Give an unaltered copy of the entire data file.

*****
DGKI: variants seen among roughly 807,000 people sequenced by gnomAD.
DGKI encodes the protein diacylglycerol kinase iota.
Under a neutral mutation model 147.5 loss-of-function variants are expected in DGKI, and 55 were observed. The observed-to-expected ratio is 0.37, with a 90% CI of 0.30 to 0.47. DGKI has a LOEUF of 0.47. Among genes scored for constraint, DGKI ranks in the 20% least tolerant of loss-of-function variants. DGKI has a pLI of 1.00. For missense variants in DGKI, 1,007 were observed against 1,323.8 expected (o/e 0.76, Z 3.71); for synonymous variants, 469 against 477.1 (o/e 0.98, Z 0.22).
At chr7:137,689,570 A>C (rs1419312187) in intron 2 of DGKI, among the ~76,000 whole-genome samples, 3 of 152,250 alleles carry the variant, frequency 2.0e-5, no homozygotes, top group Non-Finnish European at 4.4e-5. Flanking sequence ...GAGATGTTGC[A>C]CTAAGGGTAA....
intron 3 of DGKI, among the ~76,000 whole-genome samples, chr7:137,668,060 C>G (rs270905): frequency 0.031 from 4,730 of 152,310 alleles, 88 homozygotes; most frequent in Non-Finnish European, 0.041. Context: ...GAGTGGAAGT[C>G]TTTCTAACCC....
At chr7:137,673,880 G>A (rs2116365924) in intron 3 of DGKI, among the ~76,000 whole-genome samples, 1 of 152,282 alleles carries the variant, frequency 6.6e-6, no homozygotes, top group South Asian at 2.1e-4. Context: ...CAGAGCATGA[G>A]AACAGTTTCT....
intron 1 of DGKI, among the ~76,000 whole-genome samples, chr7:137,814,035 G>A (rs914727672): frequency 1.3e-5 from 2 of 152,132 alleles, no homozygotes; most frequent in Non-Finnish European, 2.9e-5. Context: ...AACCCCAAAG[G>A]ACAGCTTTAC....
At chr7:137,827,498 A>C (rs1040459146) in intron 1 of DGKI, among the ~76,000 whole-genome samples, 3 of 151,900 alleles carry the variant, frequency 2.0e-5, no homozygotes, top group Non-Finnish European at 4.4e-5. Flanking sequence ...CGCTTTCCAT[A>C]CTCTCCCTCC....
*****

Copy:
DGKI: variants seen among roughly 807,000 people sequenced by gnomAD.
DGKI encodes the protein diacylglycerol kinase iota.
Under a neutral mutation model 147.5 loss-of-function variants are expected in DGKI, and 55 were observed. The observed-to-expected ratio is 0.37, with a 90% CI of 0.30 to 0.47. DGKI has a LOEUF of 0.47. Among genes scored for constraint, DGKI ranks in the 20% least tolerant of loss-of-function variants. DGKI has a pLI of 1.00. For missense variants in DGKI, 1,007 were observed against 1,323.8 expected (o/e 0.76, Z 3.71); for synonymous variants, 469 against 477.1 (o/e 0.98, Z 0.22).
At chr7:137,689,570 A>C (rs1419312187) in intron 2 of DGKI, among the ~76,000 whole-genome samples, 3 of 152,250 alleles carry the variant, frequency 2.0e-5, no homozygotes, top group Non-Finnish European at 4.4e-5. Flanking sequence ...GAGATGTTGC[A>C]CTAAGGGTAA....
intron 3 of DGKI, among the ~76,000 whole-genome samples, chr7:137,668,060 C>G (rs270905): frequency 0.031 from 4,730 of 152,310 alleles, 88 homozygotes; most frequent in Non-Finnish European, 0.041. Context: ...GAGTGGAAGT[C>G]TTTCTAACCC....
At chr7:137,673,880 G>A (rs2116365924) in intron 3 of DGKI, among the ~76,000 whole-genome samples, 1 of 152,282 alleles carries the variant, frequency 6.6e-6, no homozygotes, top group South Asian at 2.1e-4. Context: ...CAGAGCATGA[G>A]AACAGTTTCT....
intron 1 of DGKI, among the ~76,000 whole-genome samples, chr7:137,814,035 G>A (rs914727672): frequency 1.3e-5 from 2 of 152,132 alleles, no homozygotes; most frequent in Non-Finnish European, 2.9e-5. Context: ...AACCCCAAAG[G>A]ACAGCTTTAC....
At chr7:137,827,498 A>C (rs1040459146) in intron 1 of DGKI, among the ~76,000 whole-genome samples, 3 of 151,900 alleles carry the variant, frequency 2.0e-5, no homozygotes, top group Non-Finnish European at 4.4e-5. Flanking sequence ...CGCTTTCCAT[A>C]CTCTCCCTCC....